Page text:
October 26, 2015 By Joseph P. Farrell

If you've been following the artificial intelligence story and meme, then this recent story and its implications may interest you(this article was shared by Ms. M.W.):

Elon Musk and Mark Zuckerberg invested in the ultimate AI

For our "high octane speculation" purposes here, the central story is contained in the very first paragraph:

A newly founded artificial intelligence lab, called Vicarious, wants to build the world’s first, unified artificial intelligence that can match human intelligence. This is not the first time we’ve heard companies or universities trumpet such ambitious goals, but considering who’s backing the project I can only entertain the possibility Vicarious might just do it. Entrepreneurs with great vision and a track record of backing successful companies have all hopped aboard, like Elon Musk (SpaceX, Tesla), Mark Zuckerberg (Facebook), Peter Thiel (Paypal, founder of venture capital and hedge funds worth billions), Jerry Yang (Yahoo! founder), Jeff Bezos (Amazon founder) and more.

What intrigued me here were the twin implications of the monied private backers of the project, to the name itself: Vicarious. A "vicar" of course is a "stand-in", a representative someone else, an ambassador, if one will, such as a local parish vicar. The disturbing use of the term stems from its other implication: a "substitute." A more disturbing implication is that the project is more or less in completely private hands, a development which, if successful, would put the technology and its immense power into the hands of a private group.  From the standpoint of the evolution and history of institutions of human power and authority, this would be an unprecedented development, tantamont to the creation of a technology empowering such groups with their own "sovereignty"...

... if the technology does not turn on them and devour them. One is reminded of Isaac Asimov's solution to this dilemma with his "three laws of robotics" from his celebrated I, Robot novel.

But there's also a philosophical catch, an underlying assumption, that itself may in time be overturned by such research itself, and it's this:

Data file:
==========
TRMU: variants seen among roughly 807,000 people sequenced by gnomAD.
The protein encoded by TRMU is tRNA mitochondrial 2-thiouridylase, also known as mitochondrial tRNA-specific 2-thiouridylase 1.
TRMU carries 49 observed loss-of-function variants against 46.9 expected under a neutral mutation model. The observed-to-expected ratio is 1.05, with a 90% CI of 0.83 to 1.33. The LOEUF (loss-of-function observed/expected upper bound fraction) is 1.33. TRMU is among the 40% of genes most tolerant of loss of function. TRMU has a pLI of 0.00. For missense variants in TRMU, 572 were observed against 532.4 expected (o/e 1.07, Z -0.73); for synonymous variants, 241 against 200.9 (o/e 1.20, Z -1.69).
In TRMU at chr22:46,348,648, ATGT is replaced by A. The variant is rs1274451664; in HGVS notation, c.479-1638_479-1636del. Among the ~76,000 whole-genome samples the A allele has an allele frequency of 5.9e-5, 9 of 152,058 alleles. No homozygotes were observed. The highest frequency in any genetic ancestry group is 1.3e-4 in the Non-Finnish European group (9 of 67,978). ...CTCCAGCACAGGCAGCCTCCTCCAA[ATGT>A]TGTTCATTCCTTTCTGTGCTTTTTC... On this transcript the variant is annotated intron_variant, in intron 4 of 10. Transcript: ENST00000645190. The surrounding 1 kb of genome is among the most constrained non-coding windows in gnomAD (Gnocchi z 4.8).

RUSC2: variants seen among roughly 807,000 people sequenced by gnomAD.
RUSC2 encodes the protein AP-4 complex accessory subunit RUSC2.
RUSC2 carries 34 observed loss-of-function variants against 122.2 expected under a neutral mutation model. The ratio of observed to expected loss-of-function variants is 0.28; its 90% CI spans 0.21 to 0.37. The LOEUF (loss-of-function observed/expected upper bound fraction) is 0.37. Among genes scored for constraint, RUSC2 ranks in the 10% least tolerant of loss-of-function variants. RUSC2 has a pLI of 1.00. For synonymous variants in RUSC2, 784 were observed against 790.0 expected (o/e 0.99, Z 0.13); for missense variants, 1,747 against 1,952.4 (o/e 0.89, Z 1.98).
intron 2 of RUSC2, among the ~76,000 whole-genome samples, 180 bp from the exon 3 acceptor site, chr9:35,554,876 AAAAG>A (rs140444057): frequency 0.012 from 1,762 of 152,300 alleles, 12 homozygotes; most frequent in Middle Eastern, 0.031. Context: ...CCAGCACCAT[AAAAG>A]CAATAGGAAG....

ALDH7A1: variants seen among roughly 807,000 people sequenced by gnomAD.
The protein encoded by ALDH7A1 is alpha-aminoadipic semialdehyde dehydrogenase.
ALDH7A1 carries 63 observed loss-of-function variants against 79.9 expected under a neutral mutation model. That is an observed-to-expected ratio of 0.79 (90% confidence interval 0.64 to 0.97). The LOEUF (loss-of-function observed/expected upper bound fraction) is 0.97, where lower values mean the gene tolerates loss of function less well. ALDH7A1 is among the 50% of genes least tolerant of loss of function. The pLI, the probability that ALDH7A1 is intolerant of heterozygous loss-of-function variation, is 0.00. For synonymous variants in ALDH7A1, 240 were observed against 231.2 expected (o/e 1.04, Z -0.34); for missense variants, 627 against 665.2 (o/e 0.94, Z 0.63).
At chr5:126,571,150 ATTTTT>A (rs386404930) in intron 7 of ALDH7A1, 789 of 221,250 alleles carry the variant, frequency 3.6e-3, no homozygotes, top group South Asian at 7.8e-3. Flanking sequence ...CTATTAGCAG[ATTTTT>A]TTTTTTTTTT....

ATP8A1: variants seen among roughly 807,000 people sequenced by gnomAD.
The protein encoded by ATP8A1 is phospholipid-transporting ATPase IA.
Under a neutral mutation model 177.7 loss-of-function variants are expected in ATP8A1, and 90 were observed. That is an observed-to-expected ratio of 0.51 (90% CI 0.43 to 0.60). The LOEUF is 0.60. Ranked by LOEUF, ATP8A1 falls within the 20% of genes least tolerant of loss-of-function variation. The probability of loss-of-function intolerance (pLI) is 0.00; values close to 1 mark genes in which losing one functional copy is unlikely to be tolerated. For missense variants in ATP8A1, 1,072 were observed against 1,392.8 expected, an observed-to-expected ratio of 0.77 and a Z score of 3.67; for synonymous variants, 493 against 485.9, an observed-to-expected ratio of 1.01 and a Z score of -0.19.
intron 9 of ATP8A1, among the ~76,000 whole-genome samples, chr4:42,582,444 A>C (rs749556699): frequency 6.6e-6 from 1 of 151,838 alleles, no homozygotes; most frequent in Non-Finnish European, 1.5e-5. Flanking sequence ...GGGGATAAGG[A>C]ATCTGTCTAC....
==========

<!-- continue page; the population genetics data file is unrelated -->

The main challenge however lies in holes in our fundamental understanding of how the human brain works, something that’s out of Vicarious’ hands. So, the company depends on research elsewhere which might better explain how synapses join together to give rise to thought, or how a given atomic arrangement (matter) gives rise to self-awareness. So far, the best thing Vicarious has to show is a ReCaptcha solver – the kind used by websites all over the internet to filter out robots from humans. There’s more to humans than interpreting annoying faded text in boxes, though. Vicarious has its work cut out, but this is definitely something worth following. They seem very motivated. (Emphasis added)

This is, of course, the "materialist" assumption, that consciousness is the result of certain neurological arrangements and electro-chemical processes. So one may indulge in some high octane speculation here: what if AI research overturns this assumption in some fundamental manner, and discovers that such processes and arrangements do not create consciousness, but rather, localize what is essentially an immaterial and non-local phenomenon, localizing it as a kind of "local structural potential"? IN that instance, what sort of consciousness would be "summoned" or, to stretch the language a bit, perhaps even "invoked"?

And there's a profound question for jurisprudence and philosophy lurking in the wings here as well: would such an AI be accorded the protections of law? Would it be recognized as a person? After all, a case could be made - a much stronger one in fact - that it should be accorded such protections if corporations can be afforded the status. And as for the philosophical questions, does unplugging it constitute murder(if the aforesaid legal protections are granted)? And what happens when it's plugged back in again? Is that the same person? Or a reincarnation of it?

The bottom line here is that AI poses significant questions for the evolution and institutions of human power and authority, and perhaps we need to devote as much money to real studies and real discussions (not the fake discussions with predetermined outcomes that suffuse our current culture) of this problem.

See you on the flip side...